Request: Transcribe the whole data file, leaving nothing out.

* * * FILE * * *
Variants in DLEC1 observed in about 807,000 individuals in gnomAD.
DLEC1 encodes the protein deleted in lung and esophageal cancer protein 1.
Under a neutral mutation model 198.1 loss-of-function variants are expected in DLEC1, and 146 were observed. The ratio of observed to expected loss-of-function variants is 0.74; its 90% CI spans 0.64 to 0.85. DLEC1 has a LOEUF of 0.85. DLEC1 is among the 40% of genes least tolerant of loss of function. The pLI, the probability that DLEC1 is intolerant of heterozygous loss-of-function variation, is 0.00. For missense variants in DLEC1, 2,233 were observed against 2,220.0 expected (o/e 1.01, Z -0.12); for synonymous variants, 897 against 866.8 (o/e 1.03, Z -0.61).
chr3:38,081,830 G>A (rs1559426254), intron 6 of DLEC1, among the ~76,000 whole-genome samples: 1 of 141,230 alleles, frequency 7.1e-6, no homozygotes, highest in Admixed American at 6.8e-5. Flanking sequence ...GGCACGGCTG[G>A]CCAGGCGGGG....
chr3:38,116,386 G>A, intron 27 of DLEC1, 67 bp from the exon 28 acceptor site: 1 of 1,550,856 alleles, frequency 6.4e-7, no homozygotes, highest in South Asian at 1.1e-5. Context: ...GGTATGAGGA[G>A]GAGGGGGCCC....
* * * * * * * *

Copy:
Variants in DLEC1 observed in about 807,000 individuals in gnomAD.
DLEC1 encodes the protein deleted in lung and esophageal cancer protein 1.
Under a neutral mutation model 198.1 loss-of-function variants are expected in DLEC1, and 146 were observed. The ratio of observed to expected loss-of-function variants is 0.74; its 90% CI spans 0.64 to 0.85. DLEC1 has a LOEUF of 0.85. DLEC1 is among the 40% of genes least tolerant of loss of function. The pLI, the probability that DLEC1 is intolerant of heterozygous loss-of-function variation, is 0.00. For missense variants in DLEC1, 2,233 were observed against 2,220.0 expected (o/e 1.01, Z -0.12); for synonymous variants, 897 against 866.8 (o/e 1.03, Z -0.61).
chr3:38,081,830 G>A (rs1559426254), intron 6 of DLEC1, among the ~76,000 whole-genome samples: 1 of 141,230 alleles, frequency 7.1e-6, no homozygotes, highest in Admixed American at 6.8e-5. Flanking sequence ...GGCACGGCTG[G>A]CCAGGCGGGG....
chr3:38,116,386 G>A, intron 27 of DLEC1, 67 bp from the exon 28 acceptor site: 1 of 1,550,856 alleles, frequency 6.4e-7, no homozygotes, highest in South Asian at 1.1e-5. Context: ...GGTATGAGGA[G>A]GAGGGGGCCC....